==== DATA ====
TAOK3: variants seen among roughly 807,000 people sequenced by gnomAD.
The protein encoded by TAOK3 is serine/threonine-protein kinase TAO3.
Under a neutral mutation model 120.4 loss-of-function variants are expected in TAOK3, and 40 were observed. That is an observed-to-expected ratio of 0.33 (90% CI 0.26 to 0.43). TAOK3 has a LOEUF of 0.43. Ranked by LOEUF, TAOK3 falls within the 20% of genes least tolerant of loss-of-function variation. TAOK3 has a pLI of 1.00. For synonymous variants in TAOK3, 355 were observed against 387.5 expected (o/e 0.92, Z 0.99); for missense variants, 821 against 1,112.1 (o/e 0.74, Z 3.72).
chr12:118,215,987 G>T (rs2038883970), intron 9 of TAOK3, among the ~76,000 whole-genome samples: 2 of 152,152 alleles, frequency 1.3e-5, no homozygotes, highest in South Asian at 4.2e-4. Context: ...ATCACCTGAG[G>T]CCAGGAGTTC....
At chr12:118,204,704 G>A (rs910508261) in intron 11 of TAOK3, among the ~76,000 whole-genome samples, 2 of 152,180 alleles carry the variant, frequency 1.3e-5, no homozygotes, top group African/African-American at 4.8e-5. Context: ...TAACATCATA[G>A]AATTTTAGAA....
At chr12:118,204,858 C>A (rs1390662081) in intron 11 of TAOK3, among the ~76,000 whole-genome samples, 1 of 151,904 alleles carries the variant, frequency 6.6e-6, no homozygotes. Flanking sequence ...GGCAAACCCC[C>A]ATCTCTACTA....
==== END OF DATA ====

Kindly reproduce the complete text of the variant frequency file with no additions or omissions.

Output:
TAOK3: variants seen among roughly 807,000 people sequenced by gnomAD.
The protein encoded by TAOK3 is serine/threonine-protein kinase TAO3.
Under a neutral mutation model 120.4 loss-of-function variants are expected in TAOK3, and 40 were observed. That is an observed-to-expected ratio of 0.33 (90% CI 0.26 to 0.43). TAOK3 has a LOEUF of 0.43. Ranked by LOEUF, TAOK3 falls within the 20% of genes least tolerant of loss-of-function variation. TAOK3 has a pLI of 1.00. For synonymous variants in TAOK3, 355 were observed against 387.5 expected (o/e 0.92, Z 0.99); for missense variants, 821 against 1,112.1 (o/e 0.74, Z 3.72).
chr12:118,215,987 G>T (rs2038883970), intron 9 of TAOK3, among the ~76,000 whole-genome samples: 2 of 152,152 alleles, frequency 1.3e-5, no homozygotes, highest in South Asian at 4.2e-4. Context: ...ATCACCTGAG[G>T]CCAGGAGTTC....
At chr12:118,204,704 G>A (rs910508261) in intron 11 of TAOK3, among the ~76,000 whole-genome samples, 2 of 152,180 alleles carry the variant, frequency 1.3e-5, no homozygotes, top group African/African-American at 4.8e-5. Context: ...TAACATCATA[G>A]AATTTTAGAA....
At chr12:118,204,858 C>A (rs1390662081) in intron 11 of TAOK3, among the ~76,000 whole-genome samples, 1 of 151,904 alleles carries the variant, frequency 6.6e-6, no homozygotes. Flanking sequence ...GGCAAACCCC[C>A]ATCTCTACTA....